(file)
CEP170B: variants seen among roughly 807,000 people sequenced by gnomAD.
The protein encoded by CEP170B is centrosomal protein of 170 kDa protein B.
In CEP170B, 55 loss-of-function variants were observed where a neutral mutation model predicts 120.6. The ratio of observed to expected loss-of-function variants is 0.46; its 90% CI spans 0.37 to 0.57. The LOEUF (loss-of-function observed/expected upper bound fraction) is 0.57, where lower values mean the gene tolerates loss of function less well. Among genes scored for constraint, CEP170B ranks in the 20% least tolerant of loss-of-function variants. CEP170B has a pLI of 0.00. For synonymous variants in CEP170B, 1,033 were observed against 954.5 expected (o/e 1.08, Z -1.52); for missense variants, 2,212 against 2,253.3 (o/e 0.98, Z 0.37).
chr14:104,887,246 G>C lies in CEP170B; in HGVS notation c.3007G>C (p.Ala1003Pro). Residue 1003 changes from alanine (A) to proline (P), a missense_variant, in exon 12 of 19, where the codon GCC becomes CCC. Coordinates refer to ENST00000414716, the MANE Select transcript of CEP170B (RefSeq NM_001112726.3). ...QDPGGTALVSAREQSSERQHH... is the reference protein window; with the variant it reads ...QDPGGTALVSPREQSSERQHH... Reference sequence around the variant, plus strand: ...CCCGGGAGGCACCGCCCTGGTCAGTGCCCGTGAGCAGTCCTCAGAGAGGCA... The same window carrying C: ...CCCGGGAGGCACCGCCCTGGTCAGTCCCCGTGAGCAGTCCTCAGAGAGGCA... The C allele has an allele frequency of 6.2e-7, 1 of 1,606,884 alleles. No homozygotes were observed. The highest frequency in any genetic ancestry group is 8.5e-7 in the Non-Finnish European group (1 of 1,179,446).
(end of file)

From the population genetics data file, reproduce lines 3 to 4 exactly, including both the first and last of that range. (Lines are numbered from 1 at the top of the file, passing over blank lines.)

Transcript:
In CEP170B, 55 loss-of-function variants were observed where a neutral mutation model predicts 120.6. The ratio of observed to expected loss-of-function variants is 0.46; its 90% CI spans 0.37 to 0.57. The LOEUF (loss-of-function observed/expected upper bound fraction) is 0.57, where lower values mean the gene tolerates loss of function less well. Among genes scored for constraint, CEP170B ranks in the 20% least tolerant of loss-of-function variants. CEP170B has a pLI of 0.00. For synonymous variants in CEP170B, 1,033 were observed against 954.5 expected (o/e 1.08, Z -1.52); for missense variants, 2,212 against 2,253.3 (o/e 0.98, Z 0.37).
chr14:104,887,246 G>C lies in CEP170B; in HGVS notation c.3007G>C (p.Ala1003Pro). Residue 1003 changes from alanine (A) to proline (P), a missense_variant, in exon 12 of 19, where the codon GCC becomes CCC. Coordinates refer to ENST00000414716, the MANE Select transcript of CEP170B (RefSeq NM_001112726.3). ...QDPGGTALVSAREQSSERQHH... is the reference protein window; with the variant it reads ...QDPGGTALVSPREQSSERQHH... Reference sequence around the variant, plus strand: ...CCCGGGAGGCACCGCCCTGGTCAGTGCCCGTGAGCAGTCCTCAGAGAGGCA... The same window carrying C: ...CCCGGGAGGCACCGCCCTGGTCAGTCCCCGTGAGCAGTCCTCAGAGAGGCA... The C allele has an allele frequency of 6.2e-7, 1 of 1,606,884 alleles. No homozygotes were observed. The highest frequency in any genetic ancestry group is 8.5e-7 in the Non-Finnish European group (1 of 1,179,446).